Despite a rapid growth of India's services sector since the 1992 economic reform, it is still largely an agricultural economy in terms of direct and indirect jobs that the farm sector creates. Statistically, agriculture contributes about 18 per cent to India's GDP through providing employment to nearly two-third of its total population. Rural women play a vital role in agriculture, representing almost 50 per cent of farm labour. Agricultural accounts for around 15 per cent of the country's export earnings. In China, agriculture accounts for about 11 per cent of its GDP -- this is over four times larger than India's. In 2016, India's GDP was $2.5 trillion. China's GDP was $11.4 trillion. Some 330 million or over 45 per cent of China's total labour force live on farming although only about 15 per cent of China's total land mass is cultivable. Over 75 per cent of China's total cultivated land grows only food crops. Properly organised under cooperatives, India's marginal farms hold the promise of doing better than China's. The earlier they are initiated, the better it is for poor marginal farmers and agriculture.
It's important that the government ensures that groundwater, on which India's agriculture is substantially dependent, is not exploited by consumer industries making soft drinks, bottled water, alcoholic beverages, etc. The latter can use municipal water, drawn mostly from rivers, for a small fee. India's agriculture is mostly rain-fed. The proportion of net irrigated area to net area sown was 45.70 per cent at the beginning of this decade. This means that half the country's farmland relies entirely on rains for their crops. Deep tube-wells are a major source of irrigation. While the total cropped area is estimated at 193.76 million hectares, nine states account for almost 78 per cent of it. They are Andhra Pradesh, Telangana, Karnataka, Gujarat, Madhya Pradesh, Maharashtra, Rajasthan, Uttar Pradesh, Punjab, and West Bengal.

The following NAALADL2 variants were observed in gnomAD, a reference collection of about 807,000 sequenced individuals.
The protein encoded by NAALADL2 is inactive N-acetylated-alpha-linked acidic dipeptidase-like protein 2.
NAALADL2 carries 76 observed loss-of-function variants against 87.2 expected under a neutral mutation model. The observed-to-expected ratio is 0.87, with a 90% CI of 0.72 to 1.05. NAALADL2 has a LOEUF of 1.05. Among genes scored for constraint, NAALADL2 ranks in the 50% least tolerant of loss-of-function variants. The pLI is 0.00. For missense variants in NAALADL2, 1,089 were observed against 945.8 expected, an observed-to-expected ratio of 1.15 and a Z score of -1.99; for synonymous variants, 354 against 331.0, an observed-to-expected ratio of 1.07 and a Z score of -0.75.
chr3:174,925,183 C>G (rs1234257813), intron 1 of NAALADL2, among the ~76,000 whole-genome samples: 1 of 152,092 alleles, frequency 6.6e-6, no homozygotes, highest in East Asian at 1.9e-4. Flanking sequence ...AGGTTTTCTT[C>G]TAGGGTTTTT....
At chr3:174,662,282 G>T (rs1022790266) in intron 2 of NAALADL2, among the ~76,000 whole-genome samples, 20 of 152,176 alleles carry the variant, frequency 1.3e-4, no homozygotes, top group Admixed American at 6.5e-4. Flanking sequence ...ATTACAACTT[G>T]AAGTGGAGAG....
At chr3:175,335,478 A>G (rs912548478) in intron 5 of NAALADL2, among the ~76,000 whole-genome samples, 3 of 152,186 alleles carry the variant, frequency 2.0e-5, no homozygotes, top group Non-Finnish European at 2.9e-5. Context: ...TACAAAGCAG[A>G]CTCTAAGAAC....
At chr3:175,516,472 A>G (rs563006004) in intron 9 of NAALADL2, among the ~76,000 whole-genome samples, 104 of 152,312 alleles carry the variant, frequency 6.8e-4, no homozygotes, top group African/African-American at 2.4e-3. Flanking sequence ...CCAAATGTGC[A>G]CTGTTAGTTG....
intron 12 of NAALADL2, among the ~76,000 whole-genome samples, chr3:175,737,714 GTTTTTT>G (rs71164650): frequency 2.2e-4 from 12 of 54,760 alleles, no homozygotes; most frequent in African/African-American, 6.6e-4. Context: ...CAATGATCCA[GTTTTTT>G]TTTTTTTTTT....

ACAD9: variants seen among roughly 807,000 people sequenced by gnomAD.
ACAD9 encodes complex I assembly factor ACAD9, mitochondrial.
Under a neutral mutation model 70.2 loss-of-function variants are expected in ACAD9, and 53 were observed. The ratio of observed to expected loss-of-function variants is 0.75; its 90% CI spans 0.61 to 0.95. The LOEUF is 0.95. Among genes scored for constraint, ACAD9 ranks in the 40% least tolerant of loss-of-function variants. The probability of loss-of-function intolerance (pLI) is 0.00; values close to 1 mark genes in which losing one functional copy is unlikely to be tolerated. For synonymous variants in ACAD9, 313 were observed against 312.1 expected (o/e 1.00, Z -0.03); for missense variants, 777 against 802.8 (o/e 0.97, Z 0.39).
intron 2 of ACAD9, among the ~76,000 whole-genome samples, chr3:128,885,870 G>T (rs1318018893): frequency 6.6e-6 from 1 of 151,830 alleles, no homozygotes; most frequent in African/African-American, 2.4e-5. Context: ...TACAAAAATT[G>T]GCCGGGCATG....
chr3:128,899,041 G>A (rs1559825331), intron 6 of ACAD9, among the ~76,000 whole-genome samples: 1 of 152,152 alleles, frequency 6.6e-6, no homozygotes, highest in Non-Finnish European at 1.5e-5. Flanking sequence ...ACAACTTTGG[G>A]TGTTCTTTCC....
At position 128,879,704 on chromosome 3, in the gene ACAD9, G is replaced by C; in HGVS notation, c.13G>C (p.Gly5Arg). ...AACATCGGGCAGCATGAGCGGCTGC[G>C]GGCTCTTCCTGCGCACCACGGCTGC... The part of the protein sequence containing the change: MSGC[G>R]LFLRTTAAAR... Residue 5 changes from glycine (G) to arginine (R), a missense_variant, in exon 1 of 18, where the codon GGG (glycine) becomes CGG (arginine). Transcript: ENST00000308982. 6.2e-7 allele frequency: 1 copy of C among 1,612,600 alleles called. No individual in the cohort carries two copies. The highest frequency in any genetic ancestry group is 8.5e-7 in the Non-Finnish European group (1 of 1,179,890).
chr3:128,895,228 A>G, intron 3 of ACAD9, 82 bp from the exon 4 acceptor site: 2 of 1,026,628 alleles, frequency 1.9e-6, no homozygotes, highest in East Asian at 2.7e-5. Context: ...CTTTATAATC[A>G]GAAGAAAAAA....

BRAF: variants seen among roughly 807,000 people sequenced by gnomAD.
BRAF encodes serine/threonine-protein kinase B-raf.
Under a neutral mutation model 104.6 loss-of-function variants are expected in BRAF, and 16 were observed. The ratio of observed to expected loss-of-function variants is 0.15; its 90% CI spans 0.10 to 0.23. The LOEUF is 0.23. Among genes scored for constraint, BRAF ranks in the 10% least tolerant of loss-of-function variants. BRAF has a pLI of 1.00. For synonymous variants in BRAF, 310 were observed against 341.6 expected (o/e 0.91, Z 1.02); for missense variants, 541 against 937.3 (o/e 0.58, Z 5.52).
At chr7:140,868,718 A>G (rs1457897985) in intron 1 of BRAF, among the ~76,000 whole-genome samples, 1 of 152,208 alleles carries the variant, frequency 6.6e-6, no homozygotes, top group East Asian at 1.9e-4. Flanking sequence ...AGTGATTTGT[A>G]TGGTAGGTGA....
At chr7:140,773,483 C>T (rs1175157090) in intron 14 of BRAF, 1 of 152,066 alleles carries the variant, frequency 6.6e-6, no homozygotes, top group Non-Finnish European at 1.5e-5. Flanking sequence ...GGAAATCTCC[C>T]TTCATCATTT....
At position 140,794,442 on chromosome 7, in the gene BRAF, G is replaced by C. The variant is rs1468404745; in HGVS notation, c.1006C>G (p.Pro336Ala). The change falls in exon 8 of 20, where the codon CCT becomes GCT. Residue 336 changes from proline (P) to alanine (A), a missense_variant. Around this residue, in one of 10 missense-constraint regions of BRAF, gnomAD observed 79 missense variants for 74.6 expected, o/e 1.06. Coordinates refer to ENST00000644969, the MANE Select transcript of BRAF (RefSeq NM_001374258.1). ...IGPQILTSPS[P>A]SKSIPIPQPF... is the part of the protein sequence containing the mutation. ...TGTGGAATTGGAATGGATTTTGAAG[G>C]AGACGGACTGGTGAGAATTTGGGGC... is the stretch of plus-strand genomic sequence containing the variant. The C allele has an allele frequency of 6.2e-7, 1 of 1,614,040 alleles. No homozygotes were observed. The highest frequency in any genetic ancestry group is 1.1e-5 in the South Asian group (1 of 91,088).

Incidentally, Maharashtra, Andhra, Telangana, UP, and Karnataka have among the most debt-trapped farmers. Maharashtra has always seen the highest number of farmer suicides every year. Congress vice-president Rahul Gandhi, now championing the cause of poor farmers, may be aware that the state was ruled by the Congress-NCP coalition for 15 consecutive years until BJP came to power in 2014. Of the country's total net irrigated area of 64.57 million hectares, about 48 per cent is shared by small and marginal holdings. Under cooperative farming, the marginal holders can put together their resources and seek help from the government and local bodies to improve their access to irrigation. Nobody denies that agricultural cooperatives can also be subject to corruption and political exploitation. Yet, they seem to be the best option for the country's debt-ridden, suicide-prone marginal farmers.
(Views expressed are personal.)